Fortunately, there's the insalata mista with shards of smoked ricotta and the brilliant verdure plate with Brussels sprouts and three colors of cauliflower for nutritional balance. I might even share a hill of peppery wilted escarole before tucking into the pork chop.


      It isn't often I ask for my pork chop medium rare and get it quite so juicy and pink. The clever bits of candied mustard fruits, tossed into chunks of rutabaga and parsnip alongside the pig, taste a little bit like candy.


      I've been to Stella twice and have fallen hard for its urban mix. It can be full of shopping bags and tourist moppets and smart shoppers lunching at the Prosecco Bar by day, but that doesn't seem to disturb the feel of upscale evening fuss at a window table, opposite the three wood-burning ovens. And prices are relatively gentle, with pasta and entrees $17 to $32, and wines in quartino, enough to fill and refill your glass, starting at $10.


      Not yet discovered, it can be quiet at 8 p.m. As the streets darken, the staff lowers the lights, and the Empire State Building looms into view. The young serving crew in their sneakers and sea green shirts have a just-born freshness, at least so far. They rush over smiling and run off for ice or serving spoons. 


      Unfortunately, our waitress seems to have been religiously trained to ask if we love the dish. Even once is too many times to ask, and four or five definitely, especially if I'm chewing.


      Yes. I'm recommending Stella 34 at Macy's with a view, cocktails, specials from the rotisserie, gelato from Firenze. Click here to read the full review. Take the dedicated elevators inside the Broadway and 35th Street entrance. 212 967 9251. By Patina Group, our advertiser. But never mind that. It's worth the detour.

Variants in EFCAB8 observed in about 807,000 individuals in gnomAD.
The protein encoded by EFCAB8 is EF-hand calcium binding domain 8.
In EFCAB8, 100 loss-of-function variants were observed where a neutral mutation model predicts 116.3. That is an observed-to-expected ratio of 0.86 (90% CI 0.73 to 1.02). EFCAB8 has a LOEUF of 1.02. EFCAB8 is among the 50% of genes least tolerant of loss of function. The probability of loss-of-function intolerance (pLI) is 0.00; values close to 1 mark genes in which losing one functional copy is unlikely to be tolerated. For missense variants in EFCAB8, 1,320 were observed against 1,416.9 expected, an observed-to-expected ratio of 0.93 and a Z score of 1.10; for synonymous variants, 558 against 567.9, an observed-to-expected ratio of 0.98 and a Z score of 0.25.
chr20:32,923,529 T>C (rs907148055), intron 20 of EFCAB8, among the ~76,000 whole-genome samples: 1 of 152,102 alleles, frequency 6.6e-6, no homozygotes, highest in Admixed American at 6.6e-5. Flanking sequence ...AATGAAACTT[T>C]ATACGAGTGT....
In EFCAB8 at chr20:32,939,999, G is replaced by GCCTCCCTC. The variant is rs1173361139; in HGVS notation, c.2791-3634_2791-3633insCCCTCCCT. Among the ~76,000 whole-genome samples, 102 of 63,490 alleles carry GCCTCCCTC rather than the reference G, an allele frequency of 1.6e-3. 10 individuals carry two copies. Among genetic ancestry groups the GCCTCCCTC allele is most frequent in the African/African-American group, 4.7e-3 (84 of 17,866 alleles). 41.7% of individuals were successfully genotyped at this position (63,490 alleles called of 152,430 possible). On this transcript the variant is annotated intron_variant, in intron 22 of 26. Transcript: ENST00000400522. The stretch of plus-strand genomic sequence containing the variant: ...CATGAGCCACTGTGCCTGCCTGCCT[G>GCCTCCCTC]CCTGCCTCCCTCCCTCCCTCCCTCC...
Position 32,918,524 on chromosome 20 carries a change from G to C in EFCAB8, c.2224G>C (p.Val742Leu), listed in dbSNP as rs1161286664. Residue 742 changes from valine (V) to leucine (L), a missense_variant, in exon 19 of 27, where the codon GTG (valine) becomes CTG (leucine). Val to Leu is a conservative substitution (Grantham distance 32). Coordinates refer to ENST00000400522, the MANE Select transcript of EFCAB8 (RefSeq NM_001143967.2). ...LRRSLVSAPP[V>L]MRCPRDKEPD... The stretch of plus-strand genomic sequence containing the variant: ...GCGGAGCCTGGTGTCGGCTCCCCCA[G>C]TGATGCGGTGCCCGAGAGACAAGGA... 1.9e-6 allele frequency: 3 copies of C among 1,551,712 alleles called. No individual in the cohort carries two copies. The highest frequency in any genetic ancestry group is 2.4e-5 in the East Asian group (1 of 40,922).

The Road to Salvation


      If you hang out in the right spots, mostly on the Upper East Side and in certain posh lobbies, shops and hotels, you may see Manhattan magazine and notice that I became the restaurant critic in September.  Editor Cristina Cuomo is a saint to work with, smart, hip and enthusiastic. I like the look of the magazine and that she includes fiction.


      For the April issue, I focused on Willow Road, next to Del Posto on Tenth Avenue, a new spot that was looking hot and youngish at dinner, and relaxed and good for the neighborhood at lunch. The staff was green as a ramp then. I'd like to assume they've moved on to another career or smartened up by now.


      Someone with a sense of fun took charge of the look, posting vintage grocery and pharmacy boxes on display, standing a typewriter on end, and posting "BAKED BY ELECTRICITY" in baby blue neon on the ceiling over the bar. Homage to the building that once housed the Nabisco Baking Company. I surprised myself by liking the macaroni tossed in butter and olive oil with lemon and fennel pollen. The twenty greens salad with pistachio crunch was fine too. 85 Tenth Avenue, between 14th and 15th Streets. 646 484 6566


       As the Manhattan headline put it: On my way to Salvation I stopped at Willow Road.  That would be Salvation Taco, an unexpected deviation in style and ambiance for the shy kitchen goddess April Bloomfield and her partner Ken Friedman.